The things wealth managers must know to keep their wealthy clients feeling secure.

Note: This is the first in a three-part series on the growing area of wealth protection services for affluent clients.

    Our extensive work with wealth managers has allowed us to see a variety of practice models in action and monitor the evolution of the service offering over time. The heart of wealth management is the advisor's ability to deliver a broad range of services and products packaged in unique combinations as financial solutions for their affluent clients.
    Most practitioners have oriented their business around a core set of products that reflect the needs of their client base, and then supplement those core products with ancillary products and experts as needed. Generally speaking, the wealth management platforms we have observed have included the following types of services: brokerage, lending, asset management, philanthropic planning, wealth enhancement, tax planning, asset protection, estate planning and a range of lifestyle services. These lifestyle services often include financial education, collection acquisition and development, physical security, residence and vessel management, and travel and social coordination.
    The greater a client's wealth, the more concerned they are about managing  their significant tax burden. As a result, it is likely that a wealth manager will introduce advanced planning services into the relationship. Our research has also shown that as a client's personal wealth increases, so does their concern that they will become a target of unwanted attention from creditors, criminals, litigants, competitors and members of the media. Furthermore, they fear for their physical safety and the safety of their family members and close associates.
    Helping a client in these two areas requires a sensitivity to privacy and protection. For some time now, we have seen wealth managers that work with exceptionally wealthy clients, those with a net worth of at least US$25 million, focused on the integrated delivery of asset protection and security services across a client's extended business and personal network. The demand for these types of services is growing among the wealthy community, and we refer to the combination of asset protection and security services as wealth protection.

What Is Wealth Protection?
    Again, wealth protection isn't a new service but rather a more systematic coupling of two related and complementary services that is now becoming mainstreamed. Philosophically speaking, the two disciplines work together to ensure that everything valuable to a client-whether it's a person, a business entity or an heirloom-is protected. The following section provides an overview of each discipline as well as a brief comparison of the two service areas (see Figure 1).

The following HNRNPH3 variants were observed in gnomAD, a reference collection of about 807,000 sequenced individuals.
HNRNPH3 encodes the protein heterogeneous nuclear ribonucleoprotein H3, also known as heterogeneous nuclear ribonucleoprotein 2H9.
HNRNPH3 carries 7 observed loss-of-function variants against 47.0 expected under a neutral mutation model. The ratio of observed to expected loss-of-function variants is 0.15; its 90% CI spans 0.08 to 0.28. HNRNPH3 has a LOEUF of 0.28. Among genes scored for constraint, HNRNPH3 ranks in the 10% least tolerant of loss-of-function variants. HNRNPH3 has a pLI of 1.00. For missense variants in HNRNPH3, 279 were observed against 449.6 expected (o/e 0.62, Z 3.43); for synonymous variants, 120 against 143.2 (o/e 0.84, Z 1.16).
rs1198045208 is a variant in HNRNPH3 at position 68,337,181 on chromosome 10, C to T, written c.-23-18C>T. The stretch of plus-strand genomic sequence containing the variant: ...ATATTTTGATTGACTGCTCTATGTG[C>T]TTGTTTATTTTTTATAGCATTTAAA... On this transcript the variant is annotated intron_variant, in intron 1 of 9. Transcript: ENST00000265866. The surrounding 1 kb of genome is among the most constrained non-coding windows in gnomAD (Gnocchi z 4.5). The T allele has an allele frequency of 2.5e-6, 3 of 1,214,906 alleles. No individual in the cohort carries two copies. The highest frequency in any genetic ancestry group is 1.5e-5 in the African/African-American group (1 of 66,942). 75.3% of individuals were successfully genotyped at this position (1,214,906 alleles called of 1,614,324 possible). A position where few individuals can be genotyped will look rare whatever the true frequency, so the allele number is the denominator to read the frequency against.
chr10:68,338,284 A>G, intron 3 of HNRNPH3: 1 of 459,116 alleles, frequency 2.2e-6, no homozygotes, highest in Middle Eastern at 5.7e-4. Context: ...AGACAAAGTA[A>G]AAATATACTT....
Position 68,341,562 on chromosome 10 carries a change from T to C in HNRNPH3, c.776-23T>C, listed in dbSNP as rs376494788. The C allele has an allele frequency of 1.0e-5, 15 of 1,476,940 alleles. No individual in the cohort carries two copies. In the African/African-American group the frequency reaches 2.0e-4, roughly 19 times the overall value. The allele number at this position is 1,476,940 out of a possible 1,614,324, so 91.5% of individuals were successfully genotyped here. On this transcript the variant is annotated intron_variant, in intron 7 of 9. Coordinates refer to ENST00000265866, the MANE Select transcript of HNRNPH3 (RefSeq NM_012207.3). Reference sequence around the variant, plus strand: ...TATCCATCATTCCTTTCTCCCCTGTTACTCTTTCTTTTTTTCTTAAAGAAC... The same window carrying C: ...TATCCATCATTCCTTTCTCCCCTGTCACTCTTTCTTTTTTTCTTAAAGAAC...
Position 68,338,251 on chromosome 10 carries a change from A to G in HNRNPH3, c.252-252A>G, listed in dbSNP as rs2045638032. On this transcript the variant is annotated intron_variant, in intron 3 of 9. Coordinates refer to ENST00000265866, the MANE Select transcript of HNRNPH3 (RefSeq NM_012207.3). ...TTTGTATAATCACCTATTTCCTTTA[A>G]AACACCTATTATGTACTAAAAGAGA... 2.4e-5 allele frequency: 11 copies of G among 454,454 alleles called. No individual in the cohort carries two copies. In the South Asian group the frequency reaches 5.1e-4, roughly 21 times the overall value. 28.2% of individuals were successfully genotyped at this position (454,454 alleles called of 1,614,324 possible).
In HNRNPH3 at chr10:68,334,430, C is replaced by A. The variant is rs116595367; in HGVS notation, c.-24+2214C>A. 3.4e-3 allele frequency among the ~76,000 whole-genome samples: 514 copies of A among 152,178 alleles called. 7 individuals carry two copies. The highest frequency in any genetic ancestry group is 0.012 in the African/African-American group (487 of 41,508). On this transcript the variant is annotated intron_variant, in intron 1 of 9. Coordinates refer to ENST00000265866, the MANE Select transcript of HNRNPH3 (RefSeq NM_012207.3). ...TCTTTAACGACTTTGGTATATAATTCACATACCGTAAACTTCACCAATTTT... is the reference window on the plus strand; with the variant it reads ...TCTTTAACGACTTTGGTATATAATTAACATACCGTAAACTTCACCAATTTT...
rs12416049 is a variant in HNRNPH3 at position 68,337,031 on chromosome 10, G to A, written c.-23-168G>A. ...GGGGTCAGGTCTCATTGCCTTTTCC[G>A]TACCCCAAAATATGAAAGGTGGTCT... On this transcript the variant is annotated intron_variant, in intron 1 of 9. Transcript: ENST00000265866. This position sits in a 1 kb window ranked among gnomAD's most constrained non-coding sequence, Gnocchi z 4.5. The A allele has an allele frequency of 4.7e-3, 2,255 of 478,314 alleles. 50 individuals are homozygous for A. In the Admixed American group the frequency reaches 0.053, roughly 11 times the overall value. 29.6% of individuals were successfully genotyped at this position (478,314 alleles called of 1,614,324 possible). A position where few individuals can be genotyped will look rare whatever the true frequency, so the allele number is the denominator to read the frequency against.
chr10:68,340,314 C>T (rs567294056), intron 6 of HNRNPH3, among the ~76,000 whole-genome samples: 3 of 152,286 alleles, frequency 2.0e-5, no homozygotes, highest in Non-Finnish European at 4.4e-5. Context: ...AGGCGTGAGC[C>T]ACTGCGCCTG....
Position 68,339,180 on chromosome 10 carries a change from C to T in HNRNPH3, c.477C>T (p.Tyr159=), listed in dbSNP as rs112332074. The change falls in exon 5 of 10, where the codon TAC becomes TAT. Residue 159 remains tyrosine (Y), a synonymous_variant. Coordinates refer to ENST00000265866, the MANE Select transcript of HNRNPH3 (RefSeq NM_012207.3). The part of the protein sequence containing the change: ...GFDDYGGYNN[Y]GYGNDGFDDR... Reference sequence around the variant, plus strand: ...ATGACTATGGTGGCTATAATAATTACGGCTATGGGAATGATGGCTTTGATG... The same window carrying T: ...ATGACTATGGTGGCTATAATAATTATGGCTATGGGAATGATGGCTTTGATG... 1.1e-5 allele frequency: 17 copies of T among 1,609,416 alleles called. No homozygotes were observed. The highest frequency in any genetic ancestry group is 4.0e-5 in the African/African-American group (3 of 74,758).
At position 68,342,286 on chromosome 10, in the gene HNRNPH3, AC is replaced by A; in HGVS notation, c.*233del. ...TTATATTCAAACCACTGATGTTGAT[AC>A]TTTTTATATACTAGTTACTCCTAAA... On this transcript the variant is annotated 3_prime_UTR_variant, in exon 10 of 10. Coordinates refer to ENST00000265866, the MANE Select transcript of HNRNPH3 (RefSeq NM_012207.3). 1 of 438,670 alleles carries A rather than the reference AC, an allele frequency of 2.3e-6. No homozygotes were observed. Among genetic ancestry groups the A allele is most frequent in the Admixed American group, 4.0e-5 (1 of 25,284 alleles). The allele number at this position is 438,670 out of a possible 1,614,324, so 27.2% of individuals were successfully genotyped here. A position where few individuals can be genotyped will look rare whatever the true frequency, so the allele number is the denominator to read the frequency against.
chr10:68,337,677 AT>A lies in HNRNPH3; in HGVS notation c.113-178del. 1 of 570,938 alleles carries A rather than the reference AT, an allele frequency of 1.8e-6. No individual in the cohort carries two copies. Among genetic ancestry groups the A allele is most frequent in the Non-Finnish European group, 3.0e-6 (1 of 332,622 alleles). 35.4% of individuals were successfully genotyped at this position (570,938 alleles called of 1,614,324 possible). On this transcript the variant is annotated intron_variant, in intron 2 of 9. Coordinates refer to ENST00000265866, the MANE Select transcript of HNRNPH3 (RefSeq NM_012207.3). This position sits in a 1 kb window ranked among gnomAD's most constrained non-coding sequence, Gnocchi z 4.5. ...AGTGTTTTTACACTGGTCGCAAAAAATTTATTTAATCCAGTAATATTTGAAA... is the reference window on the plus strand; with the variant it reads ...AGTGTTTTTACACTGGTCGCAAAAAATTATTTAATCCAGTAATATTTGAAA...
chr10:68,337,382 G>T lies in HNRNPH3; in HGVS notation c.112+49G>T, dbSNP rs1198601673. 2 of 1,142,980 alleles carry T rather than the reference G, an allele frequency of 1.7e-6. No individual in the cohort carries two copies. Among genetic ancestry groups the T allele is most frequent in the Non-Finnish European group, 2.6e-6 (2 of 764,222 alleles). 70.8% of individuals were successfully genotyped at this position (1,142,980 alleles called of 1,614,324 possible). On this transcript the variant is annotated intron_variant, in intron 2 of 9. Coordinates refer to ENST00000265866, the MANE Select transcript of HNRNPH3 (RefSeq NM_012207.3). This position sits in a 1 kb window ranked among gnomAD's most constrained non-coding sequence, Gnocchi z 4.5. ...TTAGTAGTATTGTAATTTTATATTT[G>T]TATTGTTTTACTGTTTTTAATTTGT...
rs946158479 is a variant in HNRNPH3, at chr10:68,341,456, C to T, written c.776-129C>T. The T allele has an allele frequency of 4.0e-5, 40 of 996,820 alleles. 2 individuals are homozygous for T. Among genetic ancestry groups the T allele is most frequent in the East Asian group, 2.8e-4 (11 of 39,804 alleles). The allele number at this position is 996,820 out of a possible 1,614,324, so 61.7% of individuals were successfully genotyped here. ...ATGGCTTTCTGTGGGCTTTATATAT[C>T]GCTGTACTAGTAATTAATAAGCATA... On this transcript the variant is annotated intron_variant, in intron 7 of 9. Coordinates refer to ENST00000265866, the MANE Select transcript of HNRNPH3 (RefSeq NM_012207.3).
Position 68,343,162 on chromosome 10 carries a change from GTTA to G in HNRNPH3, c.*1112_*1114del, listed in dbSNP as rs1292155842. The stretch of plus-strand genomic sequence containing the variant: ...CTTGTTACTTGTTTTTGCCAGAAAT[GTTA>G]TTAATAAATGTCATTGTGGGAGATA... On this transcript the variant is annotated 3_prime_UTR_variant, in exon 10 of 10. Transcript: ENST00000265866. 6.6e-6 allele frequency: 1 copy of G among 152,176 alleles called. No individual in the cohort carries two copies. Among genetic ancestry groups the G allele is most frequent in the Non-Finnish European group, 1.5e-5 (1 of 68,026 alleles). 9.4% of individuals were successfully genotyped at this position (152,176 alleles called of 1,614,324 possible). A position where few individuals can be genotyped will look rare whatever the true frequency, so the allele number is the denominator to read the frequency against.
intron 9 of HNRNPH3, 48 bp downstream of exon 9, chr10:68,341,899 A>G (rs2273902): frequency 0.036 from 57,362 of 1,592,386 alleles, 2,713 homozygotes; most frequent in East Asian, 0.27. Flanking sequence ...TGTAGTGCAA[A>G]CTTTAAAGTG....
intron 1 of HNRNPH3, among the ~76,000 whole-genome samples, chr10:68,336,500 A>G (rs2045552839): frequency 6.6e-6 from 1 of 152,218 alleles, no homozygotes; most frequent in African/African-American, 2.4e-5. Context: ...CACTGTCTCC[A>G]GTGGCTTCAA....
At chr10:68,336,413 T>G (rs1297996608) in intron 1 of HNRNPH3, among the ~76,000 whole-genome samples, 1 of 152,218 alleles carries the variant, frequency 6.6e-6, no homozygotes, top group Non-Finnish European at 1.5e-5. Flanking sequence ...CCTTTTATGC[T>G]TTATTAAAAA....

Broadly speaking, asset protection planning is the use of legal strategies and structures, which may require the use of financial products, to create obstacles and barriers for a creditor seeking to access  an individual's financial assets. The overarching goal is to motivate any adversary-such as an ex-spouse, a former business partner, a child or a disgruntled investor-to relinquish their efforts entirely or to settle on terms more favorable to the client. Some examples of asset protection strategies include:
    Traditional and extraordinary liability insurance
    Onshore and offshore self-settled spendthrift trusts
    Corporate structures
    Asset transformation strategies
    Complex installment sales
    Replication strategies
    Security services entail all measures taken to protect the client and the people and property most important to the client from criminals. This includes avoidance of and protection from violent crimes such as kidnapping and vandalism, invasive crimes such as theft and infiltration, and virtual crimes such as identity theft. Some examples of specific security services include:
    Close protection personnel
    Transporter services
    Identity assessments and checks
    Countersurveillance and surveillance services
    Safe havens